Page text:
Scotland Carter ’24
You can expect to find your average Claremont student cramming for exams, bustling papers, or quickly writing reading responses on any given Sunday. Honnold/Mudd is the hub of academic socializing, and, for many students, it gives the ambiance they need to foster academic success. As most of us know, the Honnold/Mudd Library has two sides, The Honnold & The Mudd.
Most Claremont students would say the Honnold side is more popular than Mudd’s. In an Instagram survey — I conducted via the poll tool on my Instagram story — of 38 students, 60% stated that they preferred the Honnold side over the Mudd. As you walk onto the second floor, you see the collaborative commons, brightly-colored chair-like benches, and two sides TV monitors. The second floor of the Honnold side is more of a hang-out and study spot, almost like a cafe near a college campus without eating or drinking.
Between the Honnold and the Mudd sides is the bridge that connects them. There are no solid walls on the bridge, but rather windows through which students can look at the scenery outside of the library. It’s a refreshing view for when you need a break from staring at your computer screen. The second and fourth floors have standing desks that allow students to get their steps in while doing homework. The Mudd side, however, doesn’t have any of this. Which leaves me to wonder — why would anyone want to study in a space composed of pale walls and windowless study spaces?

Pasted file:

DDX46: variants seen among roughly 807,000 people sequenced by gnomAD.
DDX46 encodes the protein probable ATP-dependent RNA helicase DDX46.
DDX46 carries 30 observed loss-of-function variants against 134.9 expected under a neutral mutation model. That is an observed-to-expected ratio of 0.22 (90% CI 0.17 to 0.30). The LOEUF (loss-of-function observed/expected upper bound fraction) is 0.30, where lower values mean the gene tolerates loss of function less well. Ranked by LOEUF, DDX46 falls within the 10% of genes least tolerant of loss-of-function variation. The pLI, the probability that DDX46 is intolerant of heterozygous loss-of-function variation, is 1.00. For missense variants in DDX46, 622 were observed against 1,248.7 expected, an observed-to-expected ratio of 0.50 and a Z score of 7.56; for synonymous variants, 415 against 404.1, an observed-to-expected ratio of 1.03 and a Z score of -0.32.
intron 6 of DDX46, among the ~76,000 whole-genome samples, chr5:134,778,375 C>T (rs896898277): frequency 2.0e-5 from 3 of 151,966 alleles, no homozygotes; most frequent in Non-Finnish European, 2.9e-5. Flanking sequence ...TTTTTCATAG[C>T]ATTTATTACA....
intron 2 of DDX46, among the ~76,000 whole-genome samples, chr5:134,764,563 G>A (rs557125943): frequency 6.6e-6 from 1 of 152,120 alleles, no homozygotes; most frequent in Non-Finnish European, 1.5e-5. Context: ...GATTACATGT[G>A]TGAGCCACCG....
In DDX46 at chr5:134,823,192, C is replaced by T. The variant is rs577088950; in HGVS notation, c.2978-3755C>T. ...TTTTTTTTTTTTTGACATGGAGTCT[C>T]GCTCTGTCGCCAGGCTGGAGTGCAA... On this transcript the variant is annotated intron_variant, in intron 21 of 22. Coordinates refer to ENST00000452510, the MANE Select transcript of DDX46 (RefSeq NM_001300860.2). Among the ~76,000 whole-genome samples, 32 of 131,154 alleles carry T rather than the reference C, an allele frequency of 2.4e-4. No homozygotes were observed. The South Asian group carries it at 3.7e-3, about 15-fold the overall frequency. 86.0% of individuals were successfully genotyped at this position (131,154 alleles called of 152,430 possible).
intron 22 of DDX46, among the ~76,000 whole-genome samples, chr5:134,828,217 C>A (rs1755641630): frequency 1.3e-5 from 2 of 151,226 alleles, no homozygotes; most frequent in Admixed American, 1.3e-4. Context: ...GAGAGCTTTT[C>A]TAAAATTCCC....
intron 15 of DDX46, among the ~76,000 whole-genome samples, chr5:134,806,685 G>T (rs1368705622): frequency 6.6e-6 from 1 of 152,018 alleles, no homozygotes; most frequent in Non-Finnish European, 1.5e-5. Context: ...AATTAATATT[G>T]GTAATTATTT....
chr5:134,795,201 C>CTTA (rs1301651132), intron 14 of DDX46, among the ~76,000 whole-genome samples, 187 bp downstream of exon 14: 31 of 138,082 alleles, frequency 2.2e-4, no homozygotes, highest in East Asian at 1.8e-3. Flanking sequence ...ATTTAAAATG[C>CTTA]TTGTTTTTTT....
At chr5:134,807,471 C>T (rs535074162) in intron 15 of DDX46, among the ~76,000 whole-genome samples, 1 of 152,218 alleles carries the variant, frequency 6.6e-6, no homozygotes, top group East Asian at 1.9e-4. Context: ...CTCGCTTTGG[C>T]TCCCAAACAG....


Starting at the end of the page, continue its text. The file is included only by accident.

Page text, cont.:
Truthfully, Mudd does have some good features to offer. The second floor, for example, has the Collaborative Commons, which are study rooms that Claremont students can typically access without a reservation. Most students like this space because it fosters collaborative learning; “Mudd has better collaborative spaces, while Honnold is a better study space when you want to buckle down and study by yourself,” Hannah Lebow ’23 said. Lebow believes this is a fundamental part of the 5C experience since most of our assignments are not collaborative enough to solely rely upon group-centered study spaces.
The Mudd side also has a series of tables on the third floor that seat up to four people, beside windows that let in the natural light. The third floor of the Mudd side strongly resembles Honnold, in my opinion, so much so that my suitemate and I had a very in-depth conversation about whether or not this part of the library belonged to Honnold or Mudd. Although we agreed that this side remained Mudd’s, that still left us to question why most of the Mudd side is so bland, with dull colors and wooden desks in solitude from each other.
Nonetheless, the Honnold/Mudd library is still a popular study space for Claremont students. Between the study rooms, you can reserve the Collaborative Commons and the little pockets of desks hidden within corners and geometrically aligned walls. Honnold/Mudd gives students the option to mix up their study setting without escaping the relatively calm environment that fosters effective studying.
Image Source: Chloe Gorman ’22